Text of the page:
In this business, we must FAIL FAST! This means taking massive and continuous action using the principle of fast iteration.
- Fail Fast
A major benefit of fast iteration is you also fail fast. Failing fast means you invest less time in the things that don’t work. If you quickly find out what works and what doesn’t work, then you take action to turn it into something that does work.
Ironically, teams that fail fast improve as fast, if not faster, than those who try to get it right the first time. The reason is simple: Teams trying to get it right the first time fail as often as everyone else does. However, when they fail, they fail really slowly and struggle to pinpoint problems because they’ve changed so much at once, making it harder to identify solutions
- More Experimentation
The faster you fail, the more experimentation you can do. You can try out ideas that might not have a lot of support, but could be potential winners. This allows for an innovative environment.
Perhaps you’ve heard of Google’s 20% time? They expect their engineers to work 20% of their time on a personal project — an experiment they find personally interesting. This program has the effect of bootstrapping experimentation, so it will happen more often.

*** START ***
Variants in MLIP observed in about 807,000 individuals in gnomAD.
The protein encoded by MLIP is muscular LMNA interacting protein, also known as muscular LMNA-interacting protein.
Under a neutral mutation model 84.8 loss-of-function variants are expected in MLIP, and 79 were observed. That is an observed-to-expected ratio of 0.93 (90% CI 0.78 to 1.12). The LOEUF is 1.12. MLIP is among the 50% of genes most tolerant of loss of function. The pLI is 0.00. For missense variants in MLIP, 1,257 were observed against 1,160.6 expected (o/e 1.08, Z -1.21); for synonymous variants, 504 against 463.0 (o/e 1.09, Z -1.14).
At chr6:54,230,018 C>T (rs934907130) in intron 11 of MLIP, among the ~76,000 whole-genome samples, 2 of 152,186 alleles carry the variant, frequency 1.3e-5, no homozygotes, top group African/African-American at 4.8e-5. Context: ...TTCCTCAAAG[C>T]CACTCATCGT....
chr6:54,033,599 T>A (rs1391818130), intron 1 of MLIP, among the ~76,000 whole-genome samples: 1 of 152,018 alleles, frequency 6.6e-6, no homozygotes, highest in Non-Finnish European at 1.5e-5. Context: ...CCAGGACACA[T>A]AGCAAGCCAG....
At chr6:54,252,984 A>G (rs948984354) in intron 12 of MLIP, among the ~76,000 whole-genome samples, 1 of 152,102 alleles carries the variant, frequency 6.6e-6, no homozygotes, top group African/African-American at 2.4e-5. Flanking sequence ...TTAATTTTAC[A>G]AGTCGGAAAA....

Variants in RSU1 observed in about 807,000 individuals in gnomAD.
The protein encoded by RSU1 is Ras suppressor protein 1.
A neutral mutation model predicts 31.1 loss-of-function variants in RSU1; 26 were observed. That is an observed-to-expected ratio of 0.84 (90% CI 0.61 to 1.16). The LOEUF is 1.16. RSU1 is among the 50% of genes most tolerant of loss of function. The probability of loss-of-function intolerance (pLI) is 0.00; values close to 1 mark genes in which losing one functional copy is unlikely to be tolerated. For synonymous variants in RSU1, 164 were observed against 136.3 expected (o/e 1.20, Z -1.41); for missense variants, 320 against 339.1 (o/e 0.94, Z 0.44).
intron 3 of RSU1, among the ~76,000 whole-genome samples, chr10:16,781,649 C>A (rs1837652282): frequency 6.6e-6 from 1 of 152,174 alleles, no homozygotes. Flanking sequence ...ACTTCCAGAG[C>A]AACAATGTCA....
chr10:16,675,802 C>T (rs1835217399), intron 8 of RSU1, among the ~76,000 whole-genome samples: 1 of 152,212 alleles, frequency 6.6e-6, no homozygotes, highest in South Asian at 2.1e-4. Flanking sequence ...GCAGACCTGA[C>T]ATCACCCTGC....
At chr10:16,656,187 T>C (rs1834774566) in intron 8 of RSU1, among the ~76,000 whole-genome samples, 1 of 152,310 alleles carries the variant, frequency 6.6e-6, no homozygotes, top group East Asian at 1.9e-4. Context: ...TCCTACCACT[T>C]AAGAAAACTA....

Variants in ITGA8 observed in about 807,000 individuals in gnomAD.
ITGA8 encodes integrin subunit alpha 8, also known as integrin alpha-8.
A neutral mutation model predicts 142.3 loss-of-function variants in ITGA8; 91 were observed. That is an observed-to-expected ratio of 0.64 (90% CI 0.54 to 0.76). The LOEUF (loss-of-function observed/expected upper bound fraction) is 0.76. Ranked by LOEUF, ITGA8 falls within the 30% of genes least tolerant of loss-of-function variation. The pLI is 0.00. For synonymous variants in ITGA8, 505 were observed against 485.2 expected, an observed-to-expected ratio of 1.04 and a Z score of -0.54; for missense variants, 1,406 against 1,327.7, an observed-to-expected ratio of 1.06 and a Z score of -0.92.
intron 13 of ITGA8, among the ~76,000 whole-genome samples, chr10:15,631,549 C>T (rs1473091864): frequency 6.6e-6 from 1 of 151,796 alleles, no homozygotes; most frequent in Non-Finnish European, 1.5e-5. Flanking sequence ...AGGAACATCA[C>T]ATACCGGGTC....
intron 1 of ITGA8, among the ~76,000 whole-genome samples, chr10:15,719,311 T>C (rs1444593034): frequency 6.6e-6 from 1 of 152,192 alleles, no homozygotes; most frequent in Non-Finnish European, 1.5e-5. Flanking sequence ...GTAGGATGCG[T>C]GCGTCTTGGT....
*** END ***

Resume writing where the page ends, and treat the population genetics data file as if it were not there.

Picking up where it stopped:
- Learn Quickly
We’ve all had the experience of sitting in meetings arguing whether something will work or not. Usually, both sides just don’t have enough data to go on, and they end up going with their gut or with the loudest arguer (for better or worse). Fast iteration helps solve this problem by giving developers a platform on which they can test quickly, helping to collect data about any outstanding questions instead of resorting to opinionated arguments.
- Provide Continuing Interest
In addition to improving your design, fast iterations may have a psychological effect on users. Those users who use your app with any frequency will notice the changes, and if the good ones stick, they’ll appreciate your ongoing efforts to improve.
The best teams not only design the changes, but design the process for introducing the change. They experiment with methods to overcome the users’ natural resistance to change, providing migration paths and clear benefits for each improvement.
- Reduced Risk
Quickly iterating helps reduce risk during design. If teams can make many small changes instead of a few larger ones, they mitigate risk because they know which changes have what effect. If a design team makes many changes at once, they have a harder time knowing which parts work and which parts don’t. When you make only one or two changes at a time, you know immediately what effect it has. Reducing risk is a valuable outcome of moving to fast iteration.